In survival video games, there’s always a home base — a place to store your loot, heal your wounds and save your progress before venturing out into the darkness again. It’s somewhere to go, and it’s somewhere to be. It’s safe.
Surviving in the gaming community isn’t as easy. Gaming is stereotyped as a particularly sexist industry, a place where women have to work tirelessly to feel safe. The rampant cissexism and heteronormativity that afflict the industry, however, are overlooked, ignored because there simply aren’t any voices to be heard. Queer gamers don’t just have a hard time finding a safe space — their safe spaces don’t even exist.
For Samantha Allen, an out transgender writer, visibility is the first step toward finding a safe house. In “An Open Letter to Games Media,” Allen implored the editors in chief of several prominent gaming news outlets — including IGN, Kotaku and GameSpot — to actively create safe spaces for “marginalized groups” rather than remain “complacent … while allowing the most vulnerable members of the community to shoulder the responsibility for change.”
Allen related an instance of blatant cissexism that she encountered on Kotaku after writing a guest editorial about BDSM sex and its relation to masochism in gaming. Her byline, she said, specifically states that she is a transgender woman as a “display of solidarity” and visibility for other trans* people in the gaming community.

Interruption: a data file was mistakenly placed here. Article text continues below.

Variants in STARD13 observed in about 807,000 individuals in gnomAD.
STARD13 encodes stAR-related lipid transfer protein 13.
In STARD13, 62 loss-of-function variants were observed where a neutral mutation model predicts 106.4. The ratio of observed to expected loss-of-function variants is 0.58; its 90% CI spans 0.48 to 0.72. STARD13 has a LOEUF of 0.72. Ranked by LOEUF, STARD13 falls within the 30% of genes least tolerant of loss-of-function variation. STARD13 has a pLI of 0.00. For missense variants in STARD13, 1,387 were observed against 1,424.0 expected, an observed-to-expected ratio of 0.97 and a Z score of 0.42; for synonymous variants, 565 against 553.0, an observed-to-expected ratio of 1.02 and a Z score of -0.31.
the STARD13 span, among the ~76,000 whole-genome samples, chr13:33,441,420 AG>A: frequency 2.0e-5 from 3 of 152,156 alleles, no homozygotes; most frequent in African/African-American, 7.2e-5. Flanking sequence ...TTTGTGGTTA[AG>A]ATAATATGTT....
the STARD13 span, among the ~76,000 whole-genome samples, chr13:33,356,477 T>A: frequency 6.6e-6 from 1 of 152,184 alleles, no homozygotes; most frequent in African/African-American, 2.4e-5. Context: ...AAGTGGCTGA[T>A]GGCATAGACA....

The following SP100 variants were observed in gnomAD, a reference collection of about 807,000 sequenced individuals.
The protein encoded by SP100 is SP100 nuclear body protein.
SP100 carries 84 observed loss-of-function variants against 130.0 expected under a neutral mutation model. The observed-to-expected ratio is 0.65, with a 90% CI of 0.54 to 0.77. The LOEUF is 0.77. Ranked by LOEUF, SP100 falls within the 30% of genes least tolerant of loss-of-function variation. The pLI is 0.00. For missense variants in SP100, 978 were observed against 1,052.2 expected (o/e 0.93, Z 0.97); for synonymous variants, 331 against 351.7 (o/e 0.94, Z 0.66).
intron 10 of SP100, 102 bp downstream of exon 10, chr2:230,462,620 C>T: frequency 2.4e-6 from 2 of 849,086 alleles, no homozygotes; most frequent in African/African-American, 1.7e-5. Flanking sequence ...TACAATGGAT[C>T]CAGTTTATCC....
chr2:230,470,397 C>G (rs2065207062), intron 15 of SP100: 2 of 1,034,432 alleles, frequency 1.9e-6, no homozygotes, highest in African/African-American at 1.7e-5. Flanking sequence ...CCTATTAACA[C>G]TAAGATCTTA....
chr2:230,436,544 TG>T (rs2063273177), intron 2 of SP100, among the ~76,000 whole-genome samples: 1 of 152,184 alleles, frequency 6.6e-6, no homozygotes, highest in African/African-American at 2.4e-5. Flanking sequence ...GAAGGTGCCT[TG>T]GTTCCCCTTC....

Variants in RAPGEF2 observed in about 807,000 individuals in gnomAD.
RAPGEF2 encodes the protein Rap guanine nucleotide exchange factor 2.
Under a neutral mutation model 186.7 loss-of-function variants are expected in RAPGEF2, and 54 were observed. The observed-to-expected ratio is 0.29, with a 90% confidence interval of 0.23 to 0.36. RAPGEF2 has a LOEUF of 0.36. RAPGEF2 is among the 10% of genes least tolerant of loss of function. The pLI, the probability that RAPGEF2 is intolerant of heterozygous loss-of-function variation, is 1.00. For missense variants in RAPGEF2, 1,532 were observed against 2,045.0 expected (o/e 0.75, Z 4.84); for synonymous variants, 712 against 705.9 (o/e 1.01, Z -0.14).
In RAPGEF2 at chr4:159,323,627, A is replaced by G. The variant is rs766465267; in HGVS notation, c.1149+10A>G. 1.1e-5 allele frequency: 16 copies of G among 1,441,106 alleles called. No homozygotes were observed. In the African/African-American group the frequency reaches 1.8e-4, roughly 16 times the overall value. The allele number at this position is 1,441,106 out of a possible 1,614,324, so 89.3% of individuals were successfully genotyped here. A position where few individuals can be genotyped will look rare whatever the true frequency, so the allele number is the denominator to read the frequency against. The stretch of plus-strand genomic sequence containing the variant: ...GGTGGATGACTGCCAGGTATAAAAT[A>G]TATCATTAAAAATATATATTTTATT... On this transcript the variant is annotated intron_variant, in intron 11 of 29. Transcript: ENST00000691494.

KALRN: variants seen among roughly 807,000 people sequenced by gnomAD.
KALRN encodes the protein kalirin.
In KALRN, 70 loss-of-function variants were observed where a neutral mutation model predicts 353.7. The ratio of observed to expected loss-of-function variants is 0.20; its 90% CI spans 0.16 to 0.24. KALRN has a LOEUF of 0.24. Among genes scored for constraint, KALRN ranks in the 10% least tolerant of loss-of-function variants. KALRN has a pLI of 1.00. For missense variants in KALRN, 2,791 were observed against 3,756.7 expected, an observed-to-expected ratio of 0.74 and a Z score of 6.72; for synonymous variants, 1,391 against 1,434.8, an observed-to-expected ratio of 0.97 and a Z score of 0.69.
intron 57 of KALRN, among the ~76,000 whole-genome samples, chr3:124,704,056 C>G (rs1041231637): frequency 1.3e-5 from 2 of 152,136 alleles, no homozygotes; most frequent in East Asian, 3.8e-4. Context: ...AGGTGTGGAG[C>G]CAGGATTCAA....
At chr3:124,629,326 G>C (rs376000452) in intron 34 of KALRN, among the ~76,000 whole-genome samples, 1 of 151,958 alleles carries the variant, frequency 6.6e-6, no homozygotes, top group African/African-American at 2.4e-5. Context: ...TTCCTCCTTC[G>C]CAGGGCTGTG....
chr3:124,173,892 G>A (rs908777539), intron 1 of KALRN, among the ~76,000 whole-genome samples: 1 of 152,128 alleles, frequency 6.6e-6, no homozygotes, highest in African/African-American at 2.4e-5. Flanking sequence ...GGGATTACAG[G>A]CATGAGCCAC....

“When I finally made the mistake of looking at the comments on my Kotaku article, I wanted to throw up,” Allen wrote. “One of the first comments that appeared was: ‘I like my videogames like I like my women. Without a penis.’ Many comments were about my byline and not about the article itself. On The Border House (where I write regularly), the commenter who made the ‘penis’ comment would be excluded from the site. To this day, he remains one of Kotaku’s most prolific commenters.”
Allen cited the incident as one of many stories of cissexist comments directed at her and other transgender women in her profession, comments that make the gaming community a hostile, harsh place for trans* gamers. GameSpot writer and trans* woman Carolyn Petit, for example, endures a lot of personal attacks because of her gender identity, but she, too, chooses to remain visible.
“With the tragic wave of bullying and suicides of LGBT teens, I don’t think this is any time for any member of the community to hide in the shadows, and I add my voice to the chorus of voices that are saying to young LGBT people in pain, ‘It gets better,’” Petit wrote in 2010.
In the gaming community, however, those voices are drowned out by hateful and ignorant comments. Allen argues that change must start from the top, and she asks gaming sites to prominently display and enforce a commenting policy in order to change the culture of games discussion.
“You need to stop hurtful comments before they appear, not after,” Allen wrote. “Use (your sites’ resources) to change the kinds of words that appear on your websites. Take responsibility for those words.”
Kotaku’s Editor in Chief Stephen Totilo published a response to Allen Wednesday evening in which he clarified his site’s stance on commenting and how he’d like the community on the site to improve.
“Kotaku is a site for any and all gamers and even people who don’t play games but are curious about them,” Totilo explained in his post. “Actually, all absolutes invite exceptions, so let me be clear about who we are not for: intolerant gamers and creeps, gamers who would prefer to insult or attack rather than empathize or argue intelligently. … Kotaku is a site where I would like gamers of any type to feel welcome.”
Allen and her allies are still waiting for more responses, but there is hope that safe spaces for queer gamers will begin to open up within the gaming community. It’s progress — and in gaming, progress is everything.